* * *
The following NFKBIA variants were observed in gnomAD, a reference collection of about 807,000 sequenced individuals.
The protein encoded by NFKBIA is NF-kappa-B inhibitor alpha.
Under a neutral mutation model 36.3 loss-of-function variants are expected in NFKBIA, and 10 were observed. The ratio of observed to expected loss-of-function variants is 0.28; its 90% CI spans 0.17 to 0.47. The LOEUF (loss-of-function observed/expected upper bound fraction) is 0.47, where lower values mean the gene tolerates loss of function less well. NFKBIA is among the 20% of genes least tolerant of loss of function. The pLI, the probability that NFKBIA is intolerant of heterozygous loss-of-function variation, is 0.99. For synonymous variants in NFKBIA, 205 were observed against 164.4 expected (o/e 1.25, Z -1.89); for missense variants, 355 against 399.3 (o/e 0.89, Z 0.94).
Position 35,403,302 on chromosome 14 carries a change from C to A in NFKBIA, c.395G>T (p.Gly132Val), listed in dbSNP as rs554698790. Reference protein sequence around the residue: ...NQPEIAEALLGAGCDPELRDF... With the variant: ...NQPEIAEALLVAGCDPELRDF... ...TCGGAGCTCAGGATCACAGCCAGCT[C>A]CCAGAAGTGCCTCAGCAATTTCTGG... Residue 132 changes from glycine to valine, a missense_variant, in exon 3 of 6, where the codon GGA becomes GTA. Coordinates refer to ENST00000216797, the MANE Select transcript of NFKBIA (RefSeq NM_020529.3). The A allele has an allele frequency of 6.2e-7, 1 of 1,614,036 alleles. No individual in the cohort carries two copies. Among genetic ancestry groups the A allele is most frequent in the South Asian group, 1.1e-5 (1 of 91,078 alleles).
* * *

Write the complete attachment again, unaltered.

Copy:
The following NFKBIA variants were observed in gnomAD, a reference collection of about 807,000 sequenced individuals.
The protein encoded by NFKBIA is NF-kappa-B inhibitor alpha.
Under a neutral mutation model 36.3 loss-of-function variants are expected in NFKBIA, and 10 were observed. The ratio of observed to expected loss-of-function variants is 0.28; its 90% CI spans 0.17 to 0.47. The LOEUF (loss-of-function observed/expected upper bound fraction) is 0.47, where lower values mean the gene tolerates loss of function less well. NFKBIA is among the 20% of genes least tolerant of loss of function. The pLI, the probability that NFKBIA is intolerant of heterozygous loss-of-function variation, is 0.99. For synonymous variants in NFKBIA, 205 were observed against 164.4 expected (o/e 1.25, Z -1.89); for missense variants, 355 against 399.3 (o/e 0.89, Z 0.94).
Position 35,403,302 on chromosome 14 carries a change from C to A in NFKBIA, c.395G>T (p.Gly132Val), listed in dbSNP as rs554698790. Reference protein sequence around the residue: ...NQPEIAEALLGAGCDPELRDF... With the variant: ...NQPEIAEALLVAGCDPELRDF... ...TCGGAGCTCAGGATCACAGCCAGCT[C>A]CCAGAAGTGCCTCAGCAATTTCTGG... Residue 132 changes from glycine to valine, a missense_variant, in exon 3 of 6, where the codon GGA becomes GTA. Coordinates refer to ENST00000216797, the MANE Select transcript of NFKBIA (RefSeq NM_020529.3). The A allele has an allele frequency of 6.2e-7, 1 of 1,614,036 alleles. No individual in the cohort carries two copies. Among genetic ancestry groups the A allele is most frequent in the South Asian group, 1.1e-5 (1 of 91,078 alleles).